“The beginning is the most important part of the work.” Plato

A “first day” can be a daunting experience. Think back to a significant first day in your life— your first day of college or your first day at a new job. Will you find a friend? Will you get lost? Will you know what to do? Beginnings, while exciting and packed with possibilities, can also be filled with anxiety. Even for those of us with positive experiences in new situations and a solid, healthy sense of self, the moving into the unknown can be intimidating.  Now imagine you are three years old and faced with your first first day of school! Imagine your questions and fears: Will my grown-ups remember where they put me? What if I have to go to the bathroom? What if I get hungry? What if I miss my mom? These are big, important questions that young children struggle with on their first days of school. And the answers can only come with time and experience. With each interaction between a child and a teacher or a child and a peer, the child confronts the unknowns of school and learns what to expect here. Because human beings develop in a social context, through direct interaction with one another, the impact of the 064relationships of all the people in the class are quite significant. As a recent study from the National Scientific Council on the Developing Child (2004) states, “young children experience their world in an environment of relationships.” Children learn best when they are being metaphorically held in warm relationships with adults and their peers. While the power of the relationship between a parent and child has been widely recognized, the power of the relationship between a child and teachers is not as regularly understood.  There is value given to what a teacher can do to instruct a child on skills or facts, but there is sometimes little value given to the significant, specific impact teachers have on the actual quality of life experience of a child. Current research shows that nurturing and stable relationships between a child and a teacher and a child and its peers are instrumental in healthy human development.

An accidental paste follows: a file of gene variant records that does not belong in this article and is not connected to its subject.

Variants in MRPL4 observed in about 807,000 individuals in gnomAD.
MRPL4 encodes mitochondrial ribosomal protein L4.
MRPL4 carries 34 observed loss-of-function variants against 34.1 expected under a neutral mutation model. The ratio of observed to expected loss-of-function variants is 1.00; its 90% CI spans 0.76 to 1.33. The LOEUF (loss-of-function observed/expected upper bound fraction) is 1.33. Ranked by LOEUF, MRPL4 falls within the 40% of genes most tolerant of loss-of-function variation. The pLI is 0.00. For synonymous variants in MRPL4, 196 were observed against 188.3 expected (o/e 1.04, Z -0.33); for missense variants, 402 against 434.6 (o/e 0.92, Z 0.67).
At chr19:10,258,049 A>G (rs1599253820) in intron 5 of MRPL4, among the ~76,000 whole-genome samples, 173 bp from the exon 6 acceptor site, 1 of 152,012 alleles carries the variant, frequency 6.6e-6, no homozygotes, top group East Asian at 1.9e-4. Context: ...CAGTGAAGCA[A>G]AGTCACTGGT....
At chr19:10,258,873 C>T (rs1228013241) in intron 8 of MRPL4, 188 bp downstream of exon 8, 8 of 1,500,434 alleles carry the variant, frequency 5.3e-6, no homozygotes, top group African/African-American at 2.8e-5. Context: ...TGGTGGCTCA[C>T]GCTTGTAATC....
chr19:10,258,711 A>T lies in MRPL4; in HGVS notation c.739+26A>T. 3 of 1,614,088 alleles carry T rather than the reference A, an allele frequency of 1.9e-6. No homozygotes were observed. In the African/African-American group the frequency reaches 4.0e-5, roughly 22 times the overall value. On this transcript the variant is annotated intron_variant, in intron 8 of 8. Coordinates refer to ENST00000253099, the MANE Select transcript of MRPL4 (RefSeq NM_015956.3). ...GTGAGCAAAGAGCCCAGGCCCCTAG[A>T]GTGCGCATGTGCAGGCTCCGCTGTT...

img_3112At Greenhouse, we experience, first-hand, the power of these relationships. In the beginning weeks of school our teachers and children work together to build a foundation of trust on which they will construct their warm and supportive relationship. We do this by entering into a reciprocal learning exchange with our children. When they need us, we are there. When a child falls and scratches her knee, we are quick to respond with a gentle touch and Band-Aid.  When a child misses his mom, we say, “Mom will come back after snack” and offer a warm, soft lap to curl up in and read “Llama, Llama Misses Mama” together. When the belly starts to growl, we get out some fresh fruit and crackers to answer the hunger pangs of the mid-morning. We know that the give and take, the relational mode of each interaction teaches the child that school is a safe place where he will find adults that love and care for him. And he will have some fun and learn new things along the way! Our teachers know that school is not just about learning your letters or counting to 20; it is also about learning how to live in a group and practice being in successful relationships with others.  Quality indicators for early childhood programs used to only mean things like low child-to-adult ratios or adequately size physical classroom space. Now, we know it includes the quality of the relationship between the teacher and child–and that relationships starts on day one. Our faculty’s own emotional intelligence and personal attributes directly affect their interpersonal relationships with our children. They are expert at knowing when and how to release themselves from the busy tasks of the day and share an authentic moment with a child. They are doing the important work of building strong connections when they take a moment to listen to a child’s weekend adventure stories or listen to a child sing the praises of his Grandpa! img_9715They know when to infuse humor into the mix and get silly and wiggly with the kids. And they know when to be a steady, firm, consistent boundary setter or a warm, calm, source of much needed comfort. These moments where there is a sharing of one’s true self and one’s experience with another human being are the fabric of our relationships.